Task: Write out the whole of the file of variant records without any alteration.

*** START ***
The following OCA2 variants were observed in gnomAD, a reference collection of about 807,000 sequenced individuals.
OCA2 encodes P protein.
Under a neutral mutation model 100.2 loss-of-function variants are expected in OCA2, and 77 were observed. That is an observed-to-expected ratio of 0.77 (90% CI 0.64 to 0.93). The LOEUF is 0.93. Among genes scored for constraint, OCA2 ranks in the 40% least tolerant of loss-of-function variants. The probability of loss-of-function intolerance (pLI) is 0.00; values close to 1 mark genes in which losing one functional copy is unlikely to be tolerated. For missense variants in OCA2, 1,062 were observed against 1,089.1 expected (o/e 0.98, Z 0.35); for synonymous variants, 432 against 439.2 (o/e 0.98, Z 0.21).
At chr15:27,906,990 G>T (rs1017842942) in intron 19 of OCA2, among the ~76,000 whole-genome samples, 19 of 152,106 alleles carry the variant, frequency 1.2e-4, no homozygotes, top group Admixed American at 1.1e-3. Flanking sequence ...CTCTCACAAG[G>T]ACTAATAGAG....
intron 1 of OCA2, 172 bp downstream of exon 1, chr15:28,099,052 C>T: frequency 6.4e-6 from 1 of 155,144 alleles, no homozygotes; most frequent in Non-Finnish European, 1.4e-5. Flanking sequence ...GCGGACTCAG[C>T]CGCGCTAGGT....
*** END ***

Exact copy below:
The following OCA2 variants were observed in gnomAD, a reference collection of about 807,000 sequenced individuals.
OCA2 encodes P protein.
Under a neutral mutation model 100.2 loss-of-function variants are expected in OCA2, and 77 were observed. That is an observed-to-expected ratio of 0.77 (90% CI 0.64 to 0.93). The LOEUF is 0.93. Among genes scored for constraint, OCA2 ranks in the 40% least tolerant of loss-of-function variants. The probability of loss-of-function intolerance (pLI) is 0.00; values close to 1 mark genes in which losing one functional copy is unlikely to be tolerated. For missense variants in OCA2, 1,062 were observed against 1,089.1 expected (o/e 0.98, Z 0.35); for synonymous variants, 432 against 439.2 (o/e 0.98, Z 0.21).
At chr15:27,906,990 G>T (rs1017842942) in intron 19 of OCA2, among the ~76,000 whole-genome samples, 19 of 152,106 alleles carry the variant, frequency 1.2e-4, no homozygotes, top group Admixed American at 1.1e-3. Flanking sequence ...CTCTCACAAG[G>T]ACTAATAGAG....
intron 1 of OCA2, 172 bp downstream of exon 1, chr15:28,099,052 C>T: frequency 6.4e-6 from 1 of 155,144 alleles, no homozygotes; most frequent in Non-Finnish European, 1.4e-5. Flanking sequence ...GCGGACTCAG[C>T]CGCGCTAGGT....